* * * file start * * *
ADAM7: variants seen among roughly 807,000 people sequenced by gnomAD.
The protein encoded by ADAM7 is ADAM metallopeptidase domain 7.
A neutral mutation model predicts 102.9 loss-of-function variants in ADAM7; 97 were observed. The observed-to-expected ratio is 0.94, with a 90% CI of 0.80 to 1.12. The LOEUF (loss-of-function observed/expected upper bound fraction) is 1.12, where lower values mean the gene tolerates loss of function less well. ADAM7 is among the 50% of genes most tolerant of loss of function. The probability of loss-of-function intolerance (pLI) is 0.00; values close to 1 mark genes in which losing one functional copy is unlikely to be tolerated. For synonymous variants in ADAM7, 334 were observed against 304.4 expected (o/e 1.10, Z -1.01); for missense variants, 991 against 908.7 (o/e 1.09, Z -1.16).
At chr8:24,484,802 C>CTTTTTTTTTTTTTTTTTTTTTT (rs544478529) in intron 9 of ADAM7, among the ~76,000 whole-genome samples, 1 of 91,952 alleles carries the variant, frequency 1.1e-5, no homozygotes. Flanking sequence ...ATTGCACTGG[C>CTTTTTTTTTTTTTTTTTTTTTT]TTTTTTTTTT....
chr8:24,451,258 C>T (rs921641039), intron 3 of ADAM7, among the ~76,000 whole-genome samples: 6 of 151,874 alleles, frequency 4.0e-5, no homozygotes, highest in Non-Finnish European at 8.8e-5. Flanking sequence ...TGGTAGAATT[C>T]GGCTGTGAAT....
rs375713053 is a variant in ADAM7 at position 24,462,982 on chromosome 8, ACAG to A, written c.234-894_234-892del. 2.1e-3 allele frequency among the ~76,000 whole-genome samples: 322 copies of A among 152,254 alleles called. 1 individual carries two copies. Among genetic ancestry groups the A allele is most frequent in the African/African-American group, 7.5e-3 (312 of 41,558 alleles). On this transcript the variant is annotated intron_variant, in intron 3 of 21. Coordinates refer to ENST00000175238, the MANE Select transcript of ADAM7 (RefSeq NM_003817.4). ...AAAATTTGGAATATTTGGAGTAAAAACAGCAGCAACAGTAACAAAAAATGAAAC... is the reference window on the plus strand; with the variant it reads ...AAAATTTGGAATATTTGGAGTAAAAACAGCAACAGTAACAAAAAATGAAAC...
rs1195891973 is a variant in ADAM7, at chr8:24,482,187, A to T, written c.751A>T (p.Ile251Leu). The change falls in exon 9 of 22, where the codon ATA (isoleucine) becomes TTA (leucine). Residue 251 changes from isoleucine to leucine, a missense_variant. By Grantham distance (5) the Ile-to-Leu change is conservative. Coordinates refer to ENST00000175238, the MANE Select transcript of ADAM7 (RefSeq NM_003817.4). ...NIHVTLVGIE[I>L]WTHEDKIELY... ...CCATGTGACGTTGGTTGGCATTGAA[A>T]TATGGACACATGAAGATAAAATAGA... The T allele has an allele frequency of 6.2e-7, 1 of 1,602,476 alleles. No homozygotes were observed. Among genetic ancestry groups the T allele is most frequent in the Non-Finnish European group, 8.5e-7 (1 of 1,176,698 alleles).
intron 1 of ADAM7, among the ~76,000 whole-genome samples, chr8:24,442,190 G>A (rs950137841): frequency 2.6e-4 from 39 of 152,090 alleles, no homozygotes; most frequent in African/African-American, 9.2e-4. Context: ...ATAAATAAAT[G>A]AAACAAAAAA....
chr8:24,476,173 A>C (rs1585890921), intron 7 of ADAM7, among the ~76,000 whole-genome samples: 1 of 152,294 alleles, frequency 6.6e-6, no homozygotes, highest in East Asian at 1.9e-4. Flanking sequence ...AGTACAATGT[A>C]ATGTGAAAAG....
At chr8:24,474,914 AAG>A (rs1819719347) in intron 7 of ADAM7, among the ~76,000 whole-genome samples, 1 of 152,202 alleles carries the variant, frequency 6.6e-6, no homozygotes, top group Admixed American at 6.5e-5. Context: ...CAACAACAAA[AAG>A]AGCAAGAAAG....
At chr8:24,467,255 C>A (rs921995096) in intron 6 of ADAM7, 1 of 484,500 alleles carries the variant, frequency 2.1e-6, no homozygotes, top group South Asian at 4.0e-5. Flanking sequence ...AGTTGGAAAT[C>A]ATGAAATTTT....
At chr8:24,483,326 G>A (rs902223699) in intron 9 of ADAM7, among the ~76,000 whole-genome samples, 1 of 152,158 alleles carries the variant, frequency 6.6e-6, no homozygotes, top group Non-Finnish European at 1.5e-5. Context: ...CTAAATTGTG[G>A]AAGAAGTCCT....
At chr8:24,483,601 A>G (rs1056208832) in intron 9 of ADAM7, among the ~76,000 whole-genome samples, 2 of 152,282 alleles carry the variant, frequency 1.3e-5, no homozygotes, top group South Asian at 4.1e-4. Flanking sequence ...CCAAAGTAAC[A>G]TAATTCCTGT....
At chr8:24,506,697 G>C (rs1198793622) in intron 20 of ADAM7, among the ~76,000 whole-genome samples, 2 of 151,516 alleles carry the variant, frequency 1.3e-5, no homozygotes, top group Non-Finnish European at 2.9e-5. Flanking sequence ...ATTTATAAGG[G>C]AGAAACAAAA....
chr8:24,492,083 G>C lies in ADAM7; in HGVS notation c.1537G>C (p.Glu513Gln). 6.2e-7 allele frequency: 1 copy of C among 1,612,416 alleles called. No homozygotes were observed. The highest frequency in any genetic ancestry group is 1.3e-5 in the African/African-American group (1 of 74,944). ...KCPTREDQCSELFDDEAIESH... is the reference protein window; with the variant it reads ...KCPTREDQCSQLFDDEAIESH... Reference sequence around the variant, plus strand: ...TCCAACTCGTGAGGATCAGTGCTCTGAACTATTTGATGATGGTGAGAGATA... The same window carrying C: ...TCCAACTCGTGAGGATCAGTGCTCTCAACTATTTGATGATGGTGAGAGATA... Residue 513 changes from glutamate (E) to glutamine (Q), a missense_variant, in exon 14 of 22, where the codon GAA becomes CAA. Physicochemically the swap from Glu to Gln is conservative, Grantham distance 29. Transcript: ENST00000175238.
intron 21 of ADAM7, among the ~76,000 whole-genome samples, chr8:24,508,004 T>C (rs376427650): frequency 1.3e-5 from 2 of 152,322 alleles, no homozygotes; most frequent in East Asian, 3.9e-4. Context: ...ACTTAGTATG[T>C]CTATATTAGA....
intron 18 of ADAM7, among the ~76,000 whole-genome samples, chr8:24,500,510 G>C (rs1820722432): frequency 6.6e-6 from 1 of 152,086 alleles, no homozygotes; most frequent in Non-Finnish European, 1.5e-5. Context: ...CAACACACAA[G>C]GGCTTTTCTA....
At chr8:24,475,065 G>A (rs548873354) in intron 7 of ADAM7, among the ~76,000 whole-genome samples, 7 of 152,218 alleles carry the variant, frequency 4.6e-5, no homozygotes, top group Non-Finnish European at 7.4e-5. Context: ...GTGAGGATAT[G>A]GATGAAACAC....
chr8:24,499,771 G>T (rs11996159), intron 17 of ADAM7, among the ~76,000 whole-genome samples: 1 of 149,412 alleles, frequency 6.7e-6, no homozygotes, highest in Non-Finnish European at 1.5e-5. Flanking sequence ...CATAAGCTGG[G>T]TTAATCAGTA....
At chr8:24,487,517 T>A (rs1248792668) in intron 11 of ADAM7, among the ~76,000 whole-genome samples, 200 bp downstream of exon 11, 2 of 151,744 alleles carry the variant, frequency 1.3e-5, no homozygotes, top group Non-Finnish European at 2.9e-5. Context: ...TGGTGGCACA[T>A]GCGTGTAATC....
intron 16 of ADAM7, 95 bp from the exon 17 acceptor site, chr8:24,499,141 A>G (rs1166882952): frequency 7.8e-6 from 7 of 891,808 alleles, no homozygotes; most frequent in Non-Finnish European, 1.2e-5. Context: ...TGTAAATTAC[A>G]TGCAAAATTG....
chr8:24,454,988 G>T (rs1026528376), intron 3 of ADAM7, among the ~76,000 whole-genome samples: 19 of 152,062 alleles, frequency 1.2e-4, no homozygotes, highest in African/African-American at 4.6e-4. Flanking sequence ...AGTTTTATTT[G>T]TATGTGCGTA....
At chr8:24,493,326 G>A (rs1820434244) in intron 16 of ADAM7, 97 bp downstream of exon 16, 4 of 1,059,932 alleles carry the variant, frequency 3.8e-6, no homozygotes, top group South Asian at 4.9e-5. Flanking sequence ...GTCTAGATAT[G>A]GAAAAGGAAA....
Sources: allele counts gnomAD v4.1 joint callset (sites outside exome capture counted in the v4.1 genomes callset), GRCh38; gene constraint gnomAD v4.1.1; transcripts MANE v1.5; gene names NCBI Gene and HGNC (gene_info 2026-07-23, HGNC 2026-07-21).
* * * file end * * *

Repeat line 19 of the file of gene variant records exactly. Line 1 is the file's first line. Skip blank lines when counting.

chr8:24,499,771 G>T (rs11996159), intron 17 of ADAM7, among the ~76,000 whole-genome samples: 1 of 149,412 alleles, frequency 6.7e-6, no homozygotes, highest in Non-Finnish European at 1.5e-5. Flanking sequence ...CATAAGCTGG[G>T]TTAATCAGTA....